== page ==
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    Quote Originally Posted by orchidbaby View Post
    I checked online....and a little 4oz of the superthrive is 11 bucks! thats a lot for a little bit....
    Hehee...yeah, I thought so too, at first, but when I ordered it, the bottle said you only need one drop for every gallon of water...it's super-concentrated. As far as it being full of "chemicals" that aren't found in nature, the inventor calls the ingredients "Bio-Usables;" they are vitamins and hormones normally produced by the plant during the process of photosynthesis, so there's nothing "artificial" about it...you're just giving your plant what it would be trying to make for itself anyway.

    By the way, I tried to PM you, but you don't seem to have the "personal messaging" option turned on in your profile. You can control this under your settings. Just make sure you have the "allow personal messages" box checked. Anyway, as I tend to be rather long-winded, I thought it would be better to just write here in the thread than to leave a ridiculously long message on your visitor wall! LOL

    Anyway, as some have said on this thread, SuperThrive is by no means absolutely necessary. Personally, I find that it helps with my plants, especially when I order plants online and they are shipped bare-root and have been dried out for a few days by the time I receive them. It helps give them a nutrient boost so they can recover faster, and they do seem to perk up quite fast. If you're undecided on the subject, I recommend reading some reviews of it online and just seeing if you want to give it a try. But like others have said, it's by no means a necessity.

    And DON'T FEAR THE BLEACH!! It won't hurt your plant...I promise. I mean...don't soak it overnight in the stuff or anything, but for a quick disinfectant, it's fine. Just make sure you give the plant a thorough rinse-off with lukewarm water afterward. As for peroxide, this thread is the first time I've heard of the peroxide idea... I would hesitate to use that, simply because someone in the health field told me recently that peroxide is no longer recommended for cleaning off wounds on human skin, because the bubbling action can actually damage some of the healthy tissue too. I'm not sure how much truth there is to this, but I now use alcohol to disinfect all wounds on my kids.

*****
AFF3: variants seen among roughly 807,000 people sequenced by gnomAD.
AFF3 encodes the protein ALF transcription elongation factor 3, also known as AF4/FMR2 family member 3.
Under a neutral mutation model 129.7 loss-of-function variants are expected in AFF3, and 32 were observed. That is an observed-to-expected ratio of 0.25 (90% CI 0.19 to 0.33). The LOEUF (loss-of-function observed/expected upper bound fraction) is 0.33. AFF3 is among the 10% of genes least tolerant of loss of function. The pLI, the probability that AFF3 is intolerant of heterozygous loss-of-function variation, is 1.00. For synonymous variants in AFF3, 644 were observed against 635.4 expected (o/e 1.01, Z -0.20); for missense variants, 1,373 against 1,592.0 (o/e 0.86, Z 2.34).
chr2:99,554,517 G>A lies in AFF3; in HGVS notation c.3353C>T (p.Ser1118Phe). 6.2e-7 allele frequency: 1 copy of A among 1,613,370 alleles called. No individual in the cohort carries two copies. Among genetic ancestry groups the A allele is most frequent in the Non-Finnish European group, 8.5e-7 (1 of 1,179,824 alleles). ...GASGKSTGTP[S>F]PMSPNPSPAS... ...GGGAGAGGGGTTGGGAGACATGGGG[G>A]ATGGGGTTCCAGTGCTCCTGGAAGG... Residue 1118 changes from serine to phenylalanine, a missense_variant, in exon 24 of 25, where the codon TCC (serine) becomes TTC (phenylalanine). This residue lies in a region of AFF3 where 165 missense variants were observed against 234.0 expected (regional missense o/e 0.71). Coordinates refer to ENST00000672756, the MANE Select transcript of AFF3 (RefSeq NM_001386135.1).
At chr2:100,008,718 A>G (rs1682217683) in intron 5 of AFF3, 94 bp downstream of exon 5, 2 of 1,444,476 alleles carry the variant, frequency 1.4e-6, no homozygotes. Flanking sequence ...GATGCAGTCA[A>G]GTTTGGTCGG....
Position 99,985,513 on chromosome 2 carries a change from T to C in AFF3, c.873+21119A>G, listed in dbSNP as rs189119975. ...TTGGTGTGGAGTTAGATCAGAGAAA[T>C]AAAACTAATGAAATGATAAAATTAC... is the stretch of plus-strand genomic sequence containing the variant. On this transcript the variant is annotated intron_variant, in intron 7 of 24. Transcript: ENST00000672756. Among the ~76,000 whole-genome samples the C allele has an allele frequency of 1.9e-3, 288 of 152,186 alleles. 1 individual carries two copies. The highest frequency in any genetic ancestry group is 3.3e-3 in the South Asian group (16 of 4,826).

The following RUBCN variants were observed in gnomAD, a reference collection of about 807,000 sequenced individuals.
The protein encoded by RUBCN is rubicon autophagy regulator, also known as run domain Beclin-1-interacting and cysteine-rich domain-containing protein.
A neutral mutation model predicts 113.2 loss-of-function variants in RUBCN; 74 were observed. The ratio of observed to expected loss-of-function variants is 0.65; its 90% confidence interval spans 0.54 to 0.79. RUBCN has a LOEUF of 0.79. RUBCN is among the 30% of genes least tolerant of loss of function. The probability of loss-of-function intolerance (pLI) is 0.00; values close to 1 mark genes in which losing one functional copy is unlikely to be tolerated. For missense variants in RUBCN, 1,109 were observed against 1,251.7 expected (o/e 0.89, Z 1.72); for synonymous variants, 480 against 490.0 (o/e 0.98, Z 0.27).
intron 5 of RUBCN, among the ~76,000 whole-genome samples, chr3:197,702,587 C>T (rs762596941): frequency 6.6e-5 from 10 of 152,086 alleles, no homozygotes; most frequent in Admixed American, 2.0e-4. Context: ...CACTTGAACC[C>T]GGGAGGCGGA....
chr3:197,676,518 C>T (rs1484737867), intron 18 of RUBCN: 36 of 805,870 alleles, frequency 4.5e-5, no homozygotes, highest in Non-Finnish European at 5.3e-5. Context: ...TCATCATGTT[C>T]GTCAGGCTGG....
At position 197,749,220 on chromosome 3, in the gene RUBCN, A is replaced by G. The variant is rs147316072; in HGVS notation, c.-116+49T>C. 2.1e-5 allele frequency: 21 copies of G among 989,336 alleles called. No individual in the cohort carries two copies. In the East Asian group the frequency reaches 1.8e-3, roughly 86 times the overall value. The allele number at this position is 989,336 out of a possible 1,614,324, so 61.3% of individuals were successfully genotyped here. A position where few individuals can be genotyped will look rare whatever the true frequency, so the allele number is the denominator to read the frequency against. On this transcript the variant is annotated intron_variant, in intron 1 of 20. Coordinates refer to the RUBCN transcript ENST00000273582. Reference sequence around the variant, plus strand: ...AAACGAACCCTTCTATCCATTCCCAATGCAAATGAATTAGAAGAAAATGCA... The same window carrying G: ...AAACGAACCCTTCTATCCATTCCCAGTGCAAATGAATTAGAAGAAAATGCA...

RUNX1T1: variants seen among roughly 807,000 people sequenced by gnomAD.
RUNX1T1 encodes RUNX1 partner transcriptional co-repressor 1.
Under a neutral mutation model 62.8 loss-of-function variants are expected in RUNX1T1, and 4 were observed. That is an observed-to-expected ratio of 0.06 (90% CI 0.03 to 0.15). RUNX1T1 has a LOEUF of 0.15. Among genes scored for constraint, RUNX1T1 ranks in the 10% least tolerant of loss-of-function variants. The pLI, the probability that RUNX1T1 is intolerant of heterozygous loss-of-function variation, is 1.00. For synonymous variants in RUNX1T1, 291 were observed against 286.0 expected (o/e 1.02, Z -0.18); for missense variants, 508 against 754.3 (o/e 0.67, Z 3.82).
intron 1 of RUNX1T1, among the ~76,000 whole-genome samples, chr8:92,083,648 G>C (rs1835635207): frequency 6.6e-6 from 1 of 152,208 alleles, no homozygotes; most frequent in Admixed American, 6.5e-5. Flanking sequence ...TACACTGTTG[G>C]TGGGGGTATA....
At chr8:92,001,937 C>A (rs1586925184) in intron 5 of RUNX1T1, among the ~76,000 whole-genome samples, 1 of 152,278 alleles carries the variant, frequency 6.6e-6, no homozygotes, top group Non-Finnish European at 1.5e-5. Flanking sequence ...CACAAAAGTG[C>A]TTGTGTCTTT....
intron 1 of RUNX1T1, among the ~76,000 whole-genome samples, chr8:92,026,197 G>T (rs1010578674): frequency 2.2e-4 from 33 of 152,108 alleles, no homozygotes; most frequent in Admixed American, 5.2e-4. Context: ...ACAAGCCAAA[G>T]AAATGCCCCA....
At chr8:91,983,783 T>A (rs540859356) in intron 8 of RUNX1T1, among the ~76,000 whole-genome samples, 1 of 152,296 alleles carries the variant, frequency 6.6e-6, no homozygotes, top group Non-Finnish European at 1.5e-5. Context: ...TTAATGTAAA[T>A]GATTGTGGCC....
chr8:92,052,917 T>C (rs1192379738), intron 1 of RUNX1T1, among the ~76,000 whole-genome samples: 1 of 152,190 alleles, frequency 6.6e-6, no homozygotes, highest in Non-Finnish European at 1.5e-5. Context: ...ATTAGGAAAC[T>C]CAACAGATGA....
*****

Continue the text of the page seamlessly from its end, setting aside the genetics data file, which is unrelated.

But the person who mentioned the peroxide it is obviously having success with that method...so it's obviously not terribly harmful to plants. The bottom line is: you need to decide what you're comfortable with. It's really is all trial and error for your own growing conditions. There's no one "magic formula" that works for everyone.

    I'm a big believer in what's simple and easy. Bleach bath and repotting with a boost of superthrive works great for me. I can't speak to mounting plants because I've never done it (I'm not quite brave enough for that), but I have dendrobiums, vandaceous orchids, a whole bunch of phals, a couple of paphs, and a miltoniopsis, and all thrive in their pots once I get the water/light/potting mix formula right for each type. If it helps at all, I've never found a commercial potting mix that I've been satisfied with...all seem to compact too quickly or hold too much water.